It is the Sophists' emphasis on method that gives them importance in the development of philosophy. Indeed, as Jaeger argues in his Paideia (Vol. I. pp. 313-4), they can be credited with the elaboration of what was to be called the trivium of the liberal arts: grammar, rhetoric, dialectic, since these had never been separate studies before their time. All later writers on these subjects, and particularly Plato and Aristotle, can be thought of as profiting from the attempts of the Sophists. The remnants of what can be called the doctrines of the Sophists strike us rather as exercises in a method than presentation of held beliefs. The Dissoi logoi, again, indicate that one can argue either side of a matter; in Protagoras we have the view stated that one opinion is as good as its opposite; but even if this be not accepted, the method involved in arguing either side is something which comes to the fore in these exercises. If the rhetoric of the Sophists tended to be sample speeches rather than principles, as Aristotle complained; if their dialectic was largely fallacious and led to the use of "sophistic" to describe an argument that was only apparently valid, they nonetheless paved the way for the fuller development of these instruments of reasoning in the hands of Plato, but principally in those of Aristotle, the founder of logic.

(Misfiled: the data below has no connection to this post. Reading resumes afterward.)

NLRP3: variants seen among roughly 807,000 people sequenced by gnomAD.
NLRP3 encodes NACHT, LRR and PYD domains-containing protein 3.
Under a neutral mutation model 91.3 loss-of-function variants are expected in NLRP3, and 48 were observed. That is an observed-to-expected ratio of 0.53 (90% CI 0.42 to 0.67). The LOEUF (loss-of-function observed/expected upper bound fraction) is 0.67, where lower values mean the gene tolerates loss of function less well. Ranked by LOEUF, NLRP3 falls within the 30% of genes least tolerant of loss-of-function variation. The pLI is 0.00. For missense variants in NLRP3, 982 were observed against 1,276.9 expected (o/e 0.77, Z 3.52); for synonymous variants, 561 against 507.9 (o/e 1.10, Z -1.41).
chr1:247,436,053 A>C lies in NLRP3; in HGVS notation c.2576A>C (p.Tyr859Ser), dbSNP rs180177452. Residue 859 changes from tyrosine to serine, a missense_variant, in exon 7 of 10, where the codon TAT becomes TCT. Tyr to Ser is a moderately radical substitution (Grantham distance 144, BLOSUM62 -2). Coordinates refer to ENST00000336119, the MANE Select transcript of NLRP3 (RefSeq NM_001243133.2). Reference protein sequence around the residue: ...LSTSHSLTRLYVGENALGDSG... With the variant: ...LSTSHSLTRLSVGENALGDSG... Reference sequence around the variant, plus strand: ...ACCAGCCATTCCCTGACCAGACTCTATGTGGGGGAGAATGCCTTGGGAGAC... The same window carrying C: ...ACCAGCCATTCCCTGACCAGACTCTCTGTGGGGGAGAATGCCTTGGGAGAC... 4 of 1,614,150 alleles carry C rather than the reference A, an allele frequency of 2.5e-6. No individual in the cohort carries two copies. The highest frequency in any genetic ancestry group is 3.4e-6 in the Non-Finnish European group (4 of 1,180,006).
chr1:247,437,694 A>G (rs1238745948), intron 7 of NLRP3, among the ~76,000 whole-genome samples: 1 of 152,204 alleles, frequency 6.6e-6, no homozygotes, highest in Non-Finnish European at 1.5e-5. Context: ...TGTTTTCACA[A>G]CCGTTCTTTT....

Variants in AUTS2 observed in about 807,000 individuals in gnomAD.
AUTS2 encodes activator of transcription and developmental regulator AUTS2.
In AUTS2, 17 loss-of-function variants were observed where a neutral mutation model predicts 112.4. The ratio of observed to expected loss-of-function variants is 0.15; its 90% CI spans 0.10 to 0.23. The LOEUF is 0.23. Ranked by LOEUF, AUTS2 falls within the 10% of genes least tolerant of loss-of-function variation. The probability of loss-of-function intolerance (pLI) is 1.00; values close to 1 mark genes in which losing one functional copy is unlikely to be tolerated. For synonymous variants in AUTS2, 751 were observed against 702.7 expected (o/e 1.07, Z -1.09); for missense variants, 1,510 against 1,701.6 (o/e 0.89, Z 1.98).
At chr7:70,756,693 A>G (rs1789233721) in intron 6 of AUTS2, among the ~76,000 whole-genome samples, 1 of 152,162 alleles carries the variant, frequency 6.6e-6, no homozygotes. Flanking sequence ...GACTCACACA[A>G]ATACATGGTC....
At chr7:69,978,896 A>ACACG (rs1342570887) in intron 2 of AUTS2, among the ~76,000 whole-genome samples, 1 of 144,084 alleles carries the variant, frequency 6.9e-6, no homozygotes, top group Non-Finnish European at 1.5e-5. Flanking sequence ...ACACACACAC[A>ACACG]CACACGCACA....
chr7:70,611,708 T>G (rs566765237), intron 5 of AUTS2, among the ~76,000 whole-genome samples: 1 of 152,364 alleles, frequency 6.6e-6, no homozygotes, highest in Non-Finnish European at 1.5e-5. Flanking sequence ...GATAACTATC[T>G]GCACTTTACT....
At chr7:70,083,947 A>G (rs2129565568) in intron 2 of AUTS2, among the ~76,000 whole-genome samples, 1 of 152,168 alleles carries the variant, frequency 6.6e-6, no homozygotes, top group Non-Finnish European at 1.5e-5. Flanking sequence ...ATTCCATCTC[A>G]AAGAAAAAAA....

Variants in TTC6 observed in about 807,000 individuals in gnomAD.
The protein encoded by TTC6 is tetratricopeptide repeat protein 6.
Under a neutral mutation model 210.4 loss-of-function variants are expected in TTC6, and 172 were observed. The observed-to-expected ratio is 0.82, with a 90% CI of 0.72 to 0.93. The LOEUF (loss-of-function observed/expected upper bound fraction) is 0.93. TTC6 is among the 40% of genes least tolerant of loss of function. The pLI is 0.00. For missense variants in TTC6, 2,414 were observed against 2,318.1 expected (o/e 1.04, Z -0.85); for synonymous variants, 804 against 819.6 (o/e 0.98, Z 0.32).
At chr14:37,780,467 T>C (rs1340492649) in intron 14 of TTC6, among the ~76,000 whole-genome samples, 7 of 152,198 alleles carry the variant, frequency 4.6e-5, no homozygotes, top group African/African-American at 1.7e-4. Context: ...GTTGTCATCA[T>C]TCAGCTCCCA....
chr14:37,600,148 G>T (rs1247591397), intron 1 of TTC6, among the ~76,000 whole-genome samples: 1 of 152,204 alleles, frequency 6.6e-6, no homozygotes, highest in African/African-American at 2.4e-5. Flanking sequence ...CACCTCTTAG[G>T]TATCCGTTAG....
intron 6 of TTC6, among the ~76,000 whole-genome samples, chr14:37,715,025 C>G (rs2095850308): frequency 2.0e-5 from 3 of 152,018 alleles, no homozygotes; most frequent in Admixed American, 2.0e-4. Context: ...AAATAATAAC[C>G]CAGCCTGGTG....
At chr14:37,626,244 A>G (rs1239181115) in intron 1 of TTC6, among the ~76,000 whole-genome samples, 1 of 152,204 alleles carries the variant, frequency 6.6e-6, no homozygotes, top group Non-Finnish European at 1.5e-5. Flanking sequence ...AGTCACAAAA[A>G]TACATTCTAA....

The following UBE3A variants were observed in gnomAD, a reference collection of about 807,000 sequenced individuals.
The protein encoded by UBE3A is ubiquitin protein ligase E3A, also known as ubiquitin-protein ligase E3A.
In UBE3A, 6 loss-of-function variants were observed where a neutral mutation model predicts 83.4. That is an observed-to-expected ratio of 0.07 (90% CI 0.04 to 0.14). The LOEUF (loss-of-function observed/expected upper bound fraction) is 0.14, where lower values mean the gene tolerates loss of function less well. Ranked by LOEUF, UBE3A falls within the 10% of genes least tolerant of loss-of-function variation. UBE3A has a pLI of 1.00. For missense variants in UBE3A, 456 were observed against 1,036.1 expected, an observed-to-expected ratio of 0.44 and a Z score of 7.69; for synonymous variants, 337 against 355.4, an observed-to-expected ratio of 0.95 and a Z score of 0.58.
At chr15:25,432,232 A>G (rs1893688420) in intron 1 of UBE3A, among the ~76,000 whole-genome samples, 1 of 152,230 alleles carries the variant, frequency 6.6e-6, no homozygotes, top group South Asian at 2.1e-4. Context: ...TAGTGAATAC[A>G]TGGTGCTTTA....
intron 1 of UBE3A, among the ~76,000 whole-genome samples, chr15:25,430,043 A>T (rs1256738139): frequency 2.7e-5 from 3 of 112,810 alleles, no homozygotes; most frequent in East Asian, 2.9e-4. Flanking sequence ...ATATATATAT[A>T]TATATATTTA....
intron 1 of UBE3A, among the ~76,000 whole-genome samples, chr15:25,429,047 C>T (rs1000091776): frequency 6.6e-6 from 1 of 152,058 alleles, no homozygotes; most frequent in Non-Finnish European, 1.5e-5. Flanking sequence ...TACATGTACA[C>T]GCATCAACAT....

The paucity of fragments of the writings of the Sophists makes it difficult to give anything like an accurate assessment of their efforts; equally, nothing in the fragments we do possess gives us a reason for thinking that Plato and Aristotle were unjust in their assessment of the Sophists. If we accept their estimate there is an element of despair in the Sophists' activity, for they pride themselves on their ability to manipulate words, to sway their hearers; and yet this is done to no justifiable purpose. What is lacking in the Sophist, even if his logic were unimpeachable, is the moral dimension of the use of dialectic. Perhaps it is not too great a simplicification to say that Plato was primarily concerned with this moral lack while Aristotle was primarily interested in devising a valid logic to supplant the eristic of the Sophists.

{19} Of course, and ironically, only the wealthy could benefit from their instruction. See Burnet, p. 109.

{20} Mario Untersteiner, The Sophists (New York: Philosophical Library, 1954).